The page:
This is probably not, I suspect, a million miles away from what most advisers currently do but formalising it and placing a value on each stage can help adapt your business to the changing environment, I cannot take credit for this, we work with intermediaries and this is what many of the more successful ones are doing. I simply recognised the fact and understood.


The Three Stage Sales Process


Stage One:  Sourcing  

Helping your client to source a mortgage deal from across the whole market (not just the intermediary routes) is the starting point.  Many brokers have shied away from this for fear of losing the case to a lender direct deal, but instead of fearing this outcome, embrace it by highlighting to your client that for a fee of say £149 you will collect all the relevant details from them and source the most appropriate solution from across the whole market including all deals, whether they are lender direct deals or not.  Present their options in a nicely bound professionally produced report.


Stage Two:  Placement  

When giving the client a choice, they can simply take your solution (for which they have paid you) and make their own arrangements or they could place the business with you if it is an intermediary route (for which your fee is covered by the proc fee), or – you could offer the client a third alternative = a coaching facility with a lender direct deal.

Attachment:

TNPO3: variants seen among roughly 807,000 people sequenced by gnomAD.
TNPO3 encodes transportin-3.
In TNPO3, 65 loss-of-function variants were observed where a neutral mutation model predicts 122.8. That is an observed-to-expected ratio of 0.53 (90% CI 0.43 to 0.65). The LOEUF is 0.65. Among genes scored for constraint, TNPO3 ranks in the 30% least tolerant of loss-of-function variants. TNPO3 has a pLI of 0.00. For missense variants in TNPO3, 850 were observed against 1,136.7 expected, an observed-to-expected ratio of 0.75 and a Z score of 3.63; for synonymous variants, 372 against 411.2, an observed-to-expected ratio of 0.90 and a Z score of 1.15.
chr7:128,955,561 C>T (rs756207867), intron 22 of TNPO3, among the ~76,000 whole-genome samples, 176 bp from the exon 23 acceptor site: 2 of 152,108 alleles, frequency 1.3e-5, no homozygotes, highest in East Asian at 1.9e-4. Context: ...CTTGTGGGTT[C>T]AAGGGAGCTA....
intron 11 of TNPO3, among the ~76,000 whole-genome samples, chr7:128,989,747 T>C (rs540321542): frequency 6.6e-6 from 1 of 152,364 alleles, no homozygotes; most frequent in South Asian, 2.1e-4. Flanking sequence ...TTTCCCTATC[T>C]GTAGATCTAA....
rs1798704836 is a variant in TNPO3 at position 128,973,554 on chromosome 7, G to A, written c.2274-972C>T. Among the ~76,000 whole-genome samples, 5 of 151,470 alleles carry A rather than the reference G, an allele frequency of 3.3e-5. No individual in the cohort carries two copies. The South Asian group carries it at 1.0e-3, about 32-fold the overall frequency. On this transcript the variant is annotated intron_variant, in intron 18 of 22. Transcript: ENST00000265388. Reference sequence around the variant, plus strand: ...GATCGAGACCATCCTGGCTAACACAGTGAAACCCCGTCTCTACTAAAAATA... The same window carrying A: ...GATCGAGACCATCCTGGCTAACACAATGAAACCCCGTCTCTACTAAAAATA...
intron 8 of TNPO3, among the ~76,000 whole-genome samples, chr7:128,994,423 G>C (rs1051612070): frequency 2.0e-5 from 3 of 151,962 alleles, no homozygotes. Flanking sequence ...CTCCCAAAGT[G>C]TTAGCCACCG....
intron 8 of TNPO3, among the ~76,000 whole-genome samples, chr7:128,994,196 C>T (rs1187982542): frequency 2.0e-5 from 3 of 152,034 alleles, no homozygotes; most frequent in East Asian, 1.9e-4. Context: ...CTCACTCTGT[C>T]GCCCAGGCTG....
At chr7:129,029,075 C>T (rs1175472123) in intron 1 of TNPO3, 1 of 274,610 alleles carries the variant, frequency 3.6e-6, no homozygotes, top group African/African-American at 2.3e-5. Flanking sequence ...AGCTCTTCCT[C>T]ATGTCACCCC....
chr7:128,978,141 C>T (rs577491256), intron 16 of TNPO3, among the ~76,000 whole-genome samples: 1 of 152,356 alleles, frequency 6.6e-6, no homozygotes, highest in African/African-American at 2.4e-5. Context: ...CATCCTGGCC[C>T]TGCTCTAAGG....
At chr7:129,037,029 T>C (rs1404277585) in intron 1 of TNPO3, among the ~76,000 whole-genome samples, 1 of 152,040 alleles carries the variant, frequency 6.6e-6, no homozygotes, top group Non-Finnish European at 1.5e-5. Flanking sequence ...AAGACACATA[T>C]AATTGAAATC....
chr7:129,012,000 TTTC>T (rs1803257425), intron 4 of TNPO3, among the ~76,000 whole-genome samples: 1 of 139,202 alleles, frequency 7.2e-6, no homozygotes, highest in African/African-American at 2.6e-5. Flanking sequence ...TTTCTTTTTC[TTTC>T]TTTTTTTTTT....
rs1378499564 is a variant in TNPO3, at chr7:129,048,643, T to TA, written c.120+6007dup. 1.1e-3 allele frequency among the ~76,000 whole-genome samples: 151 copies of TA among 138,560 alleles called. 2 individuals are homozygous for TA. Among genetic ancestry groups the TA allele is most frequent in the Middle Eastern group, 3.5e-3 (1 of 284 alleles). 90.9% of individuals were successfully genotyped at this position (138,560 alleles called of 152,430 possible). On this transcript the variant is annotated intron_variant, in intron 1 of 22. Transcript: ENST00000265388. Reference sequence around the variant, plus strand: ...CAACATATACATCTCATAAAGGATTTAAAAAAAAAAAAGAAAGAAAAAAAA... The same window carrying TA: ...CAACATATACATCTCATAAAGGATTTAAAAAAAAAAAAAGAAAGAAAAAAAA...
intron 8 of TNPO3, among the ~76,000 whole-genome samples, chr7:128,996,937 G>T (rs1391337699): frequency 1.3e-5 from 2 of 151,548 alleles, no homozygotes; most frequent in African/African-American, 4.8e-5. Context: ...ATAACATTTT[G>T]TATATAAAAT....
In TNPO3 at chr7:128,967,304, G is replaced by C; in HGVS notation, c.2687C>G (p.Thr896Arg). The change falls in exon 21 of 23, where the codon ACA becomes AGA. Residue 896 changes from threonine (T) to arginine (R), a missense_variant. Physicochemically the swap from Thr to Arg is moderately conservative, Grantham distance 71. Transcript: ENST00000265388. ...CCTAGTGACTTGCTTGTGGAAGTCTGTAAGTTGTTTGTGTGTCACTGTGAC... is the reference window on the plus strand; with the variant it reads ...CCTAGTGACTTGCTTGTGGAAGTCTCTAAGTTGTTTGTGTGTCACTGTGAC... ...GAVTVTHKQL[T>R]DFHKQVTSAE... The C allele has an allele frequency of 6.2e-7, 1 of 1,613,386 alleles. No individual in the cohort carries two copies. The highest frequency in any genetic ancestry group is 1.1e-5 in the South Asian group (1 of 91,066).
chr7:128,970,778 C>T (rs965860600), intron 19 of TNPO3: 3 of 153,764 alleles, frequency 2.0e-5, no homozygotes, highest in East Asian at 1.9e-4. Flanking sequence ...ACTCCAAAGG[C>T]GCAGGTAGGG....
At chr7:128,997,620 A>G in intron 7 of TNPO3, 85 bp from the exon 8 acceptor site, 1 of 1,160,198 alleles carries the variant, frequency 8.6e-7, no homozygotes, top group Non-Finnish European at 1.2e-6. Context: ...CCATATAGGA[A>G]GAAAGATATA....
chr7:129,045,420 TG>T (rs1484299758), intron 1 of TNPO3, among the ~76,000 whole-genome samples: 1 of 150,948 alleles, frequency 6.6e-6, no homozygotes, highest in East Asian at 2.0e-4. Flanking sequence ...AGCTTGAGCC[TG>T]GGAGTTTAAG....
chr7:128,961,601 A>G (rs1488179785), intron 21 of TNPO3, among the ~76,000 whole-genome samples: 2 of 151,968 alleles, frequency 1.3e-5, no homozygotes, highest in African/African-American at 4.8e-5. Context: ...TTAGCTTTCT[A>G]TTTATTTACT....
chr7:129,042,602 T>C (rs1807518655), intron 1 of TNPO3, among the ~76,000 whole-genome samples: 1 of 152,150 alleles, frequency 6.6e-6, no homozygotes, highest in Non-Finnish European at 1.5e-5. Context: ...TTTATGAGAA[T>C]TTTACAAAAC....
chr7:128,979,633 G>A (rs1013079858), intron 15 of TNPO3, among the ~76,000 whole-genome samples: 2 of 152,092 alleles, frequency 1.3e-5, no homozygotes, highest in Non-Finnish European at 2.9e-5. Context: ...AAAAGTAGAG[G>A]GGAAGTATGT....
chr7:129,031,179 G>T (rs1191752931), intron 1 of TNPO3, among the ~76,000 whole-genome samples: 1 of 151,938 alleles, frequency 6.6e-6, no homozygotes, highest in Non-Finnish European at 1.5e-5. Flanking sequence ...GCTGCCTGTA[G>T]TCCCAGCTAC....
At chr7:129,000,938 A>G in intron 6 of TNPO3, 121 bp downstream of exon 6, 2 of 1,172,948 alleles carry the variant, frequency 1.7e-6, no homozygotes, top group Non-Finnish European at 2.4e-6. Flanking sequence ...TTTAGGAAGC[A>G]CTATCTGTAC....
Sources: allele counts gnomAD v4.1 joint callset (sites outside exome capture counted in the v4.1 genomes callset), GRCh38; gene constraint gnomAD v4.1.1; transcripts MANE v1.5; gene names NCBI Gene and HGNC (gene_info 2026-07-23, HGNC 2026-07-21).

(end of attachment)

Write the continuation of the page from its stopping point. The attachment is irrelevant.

Today most lenders are still looking for reasons not to lend, so a case would in most instances have to be presented in the right way to get through; clients are not necessarily best placed to do this themselves without help, which is where your coaching service comes in.  You can ensure that they say and do all the right things, making sure they present all the right pieces of information and do not volunteer additional unwanted information that could jeopardise their case.   You can help them to complete the paperwork and to understand what the lender is looking for including what pitfalls there may be.